Dysmenorrhea affects more than 25% of adult women and up to 90% of adolescent girls, and is the leading cause of lost work hours and school absences among females. Research suggests that under-managed dysmenorrhea may exacerbate or increase the risk for subsequent chronic pain conditions (e.g., fibromyalgia and irritable bowel syndrome). Anecdotal reports suggest that only a small number of women with dysmenorrhea seek formal medical care. Little is known about outpatient service utilization related to dysmenorrhea and the prevalence of comorbid chronic pain. The purposes of this study were to describe prevalence of dysmenorrhea-related ambulatory care visits and services rendered in a large representative national sample, and to describe chronic pain comorbidities in this sample. An analysis was performed using the 2006-2010 datasets of the National Ambulatory Medical Care Surveys (NAMCS). The annual prevalence of ambulatory care visits for which dysmenorrhea was cited as a reason for seeking care ranged from .03% to.09%. Forty visits identified dysmenorrhea as the primary reason for the visit. Among those, medications were the most common treatment ordered (n=28, 70%), including analgesics (n=18, 45%), hormonal contraceptives (n=6, 15%), and nutritional supplements (n=3, 8%). Health education was ordered in 19 (48%) visits. No complementary alternative medicine was ordered. Among 232 visits citing a diagnosis of dysmenorrhea, 61 (26%) also reported comorbid pain conditions. To our knowledge, this is the first study that offers information on ambulatory care utilization in women with dysmenorrhea using a national sample. Findings suggest that women with dysmenorrhea may be under-diagnosed and under-managed. Comorbid pain conditions are prevalent among outpatient care seekers with dysmenorrhea. Future research is needed to better understand women’s care-seeking for dysmenorrhea and the risks, mechanisms, and prevention of subsequent chronic pain conditions in this population.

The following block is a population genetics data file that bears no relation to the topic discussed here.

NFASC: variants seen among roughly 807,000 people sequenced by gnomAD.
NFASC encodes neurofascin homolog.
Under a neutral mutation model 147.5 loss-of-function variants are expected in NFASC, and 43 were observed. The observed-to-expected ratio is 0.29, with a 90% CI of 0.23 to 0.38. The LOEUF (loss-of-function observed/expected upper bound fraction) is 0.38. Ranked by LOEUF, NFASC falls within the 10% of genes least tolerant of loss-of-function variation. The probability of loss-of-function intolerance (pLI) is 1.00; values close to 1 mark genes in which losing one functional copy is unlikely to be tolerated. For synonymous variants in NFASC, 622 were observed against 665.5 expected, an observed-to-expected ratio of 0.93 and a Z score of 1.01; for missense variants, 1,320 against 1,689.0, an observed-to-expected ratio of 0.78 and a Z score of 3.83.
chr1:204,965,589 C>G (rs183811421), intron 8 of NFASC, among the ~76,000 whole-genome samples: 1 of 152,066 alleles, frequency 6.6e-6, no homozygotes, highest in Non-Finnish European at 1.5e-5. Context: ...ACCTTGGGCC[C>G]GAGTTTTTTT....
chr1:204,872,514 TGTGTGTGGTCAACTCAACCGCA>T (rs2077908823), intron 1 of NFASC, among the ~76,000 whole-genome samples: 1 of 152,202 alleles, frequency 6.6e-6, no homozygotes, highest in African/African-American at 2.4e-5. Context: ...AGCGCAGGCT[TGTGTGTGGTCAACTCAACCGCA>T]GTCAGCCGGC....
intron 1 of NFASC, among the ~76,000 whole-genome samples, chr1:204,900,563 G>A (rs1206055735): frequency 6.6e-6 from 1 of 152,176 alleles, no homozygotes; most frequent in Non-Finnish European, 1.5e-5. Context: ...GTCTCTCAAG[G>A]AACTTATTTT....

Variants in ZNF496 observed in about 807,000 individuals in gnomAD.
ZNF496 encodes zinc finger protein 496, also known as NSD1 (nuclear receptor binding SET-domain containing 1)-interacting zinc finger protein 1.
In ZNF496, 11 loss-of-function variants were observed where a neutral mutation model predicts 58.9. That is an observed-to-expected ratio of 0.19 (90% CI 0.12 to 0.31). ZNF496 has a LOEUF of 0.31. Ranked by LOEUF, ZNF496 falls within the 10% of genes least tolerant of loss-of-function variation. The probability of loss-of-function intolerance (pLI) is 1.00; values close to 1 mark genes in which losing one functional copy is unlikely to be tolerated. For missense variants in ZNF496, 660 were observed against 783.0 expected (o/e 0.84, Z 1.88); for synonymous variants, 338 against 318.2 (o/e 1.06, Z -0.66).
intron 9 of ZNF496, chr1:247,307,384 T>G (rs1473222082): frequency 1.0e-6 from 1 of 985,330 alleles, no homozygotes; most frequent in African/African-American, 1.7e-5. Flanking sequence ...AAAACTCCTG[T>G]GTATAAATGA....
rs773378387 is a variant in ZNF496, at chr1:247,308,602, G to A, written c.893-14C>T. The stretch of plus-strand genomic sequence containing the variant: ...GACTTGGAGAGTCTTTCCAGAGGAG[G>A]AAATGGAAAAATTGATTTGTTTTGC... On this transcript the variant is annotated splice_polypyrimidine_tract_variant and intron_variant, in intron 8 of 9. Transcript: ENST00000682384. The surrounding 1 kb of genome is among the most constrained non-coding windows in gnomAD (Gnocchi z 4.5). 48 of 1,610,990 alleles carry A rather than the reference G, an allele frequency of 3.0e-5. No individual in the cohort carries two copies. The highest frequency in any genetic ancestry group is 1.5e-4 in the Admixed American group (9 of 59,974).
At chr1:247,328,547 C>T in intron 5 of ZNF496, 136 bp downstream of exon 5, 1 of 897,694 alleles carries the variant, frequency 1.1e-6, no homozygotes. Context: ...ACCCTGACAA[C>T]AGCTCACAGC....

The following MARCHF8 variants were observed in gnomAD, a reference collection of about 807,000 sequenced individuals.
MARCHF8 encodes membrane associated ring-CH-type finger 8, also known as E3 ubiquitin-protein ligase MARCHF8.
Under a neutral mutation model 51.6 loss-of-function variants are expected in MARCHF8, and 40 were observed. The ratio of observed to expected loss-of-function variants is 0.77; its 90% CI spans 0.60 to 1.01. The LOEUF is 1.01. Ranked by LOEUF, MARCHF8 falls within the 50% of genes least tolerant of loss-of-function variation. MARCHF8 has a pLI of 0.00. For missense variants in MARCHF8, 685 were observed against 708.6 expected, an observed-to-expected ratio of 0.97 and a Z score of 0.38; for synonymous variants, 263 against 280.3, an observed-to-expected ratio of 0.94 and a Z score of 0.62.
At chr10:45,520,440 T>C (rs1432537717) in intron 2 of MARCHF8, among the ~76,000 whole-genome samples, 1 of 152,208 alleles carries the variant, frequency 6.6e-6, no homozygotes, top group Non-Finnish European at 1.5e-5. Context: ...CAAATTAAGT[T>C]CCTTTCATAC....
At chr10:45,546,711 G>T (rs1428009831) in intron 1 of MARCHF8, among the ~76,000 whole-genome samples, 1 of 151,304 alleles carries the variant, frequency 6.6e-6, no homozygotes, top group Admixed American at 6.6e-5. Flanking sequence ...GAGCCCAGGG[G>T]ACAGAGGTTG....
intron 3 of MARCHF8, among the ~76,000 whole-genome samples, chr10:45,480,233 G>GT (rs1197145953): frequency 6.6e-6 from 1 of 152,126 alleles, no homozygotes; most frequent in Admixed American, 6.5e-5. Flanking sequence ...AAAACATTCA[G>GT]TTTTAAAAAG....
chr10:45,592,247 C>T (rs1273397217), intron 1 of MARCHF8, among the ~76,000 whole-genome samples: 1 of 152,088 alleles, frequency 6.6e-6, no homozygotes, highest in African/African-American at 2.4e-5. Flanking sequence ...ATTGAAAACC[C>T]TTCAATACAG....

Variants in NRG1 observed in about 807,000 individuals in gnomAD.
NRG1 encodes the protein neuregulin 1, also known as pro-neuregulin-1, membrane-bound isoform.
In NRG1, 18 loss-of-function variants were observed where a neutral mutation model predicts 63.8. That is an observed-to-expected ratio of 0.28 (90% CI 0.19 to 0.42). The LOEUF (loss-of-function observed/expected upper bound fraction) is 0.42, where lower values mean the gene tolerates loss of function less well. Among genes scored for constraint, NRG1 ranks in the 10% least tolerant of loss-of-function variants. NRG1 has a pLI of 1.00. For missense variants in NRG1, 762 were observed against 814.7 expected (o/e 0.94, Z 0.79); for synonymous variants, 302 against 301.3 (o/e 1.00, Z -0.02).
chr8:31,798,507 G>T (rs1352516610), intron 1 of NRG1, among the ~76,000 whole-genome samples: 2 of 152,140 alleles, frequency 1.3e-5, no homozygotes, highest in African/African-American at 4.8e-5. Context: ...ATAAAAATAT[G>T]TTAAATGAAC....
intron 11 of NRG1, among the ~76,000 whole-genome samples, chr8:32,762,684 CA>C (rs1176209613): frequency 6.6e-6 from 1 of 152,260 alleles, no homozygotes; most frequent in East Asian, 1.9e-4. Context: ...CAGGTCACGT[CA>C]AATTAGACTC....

© 2013 Published by Elsevier Inc.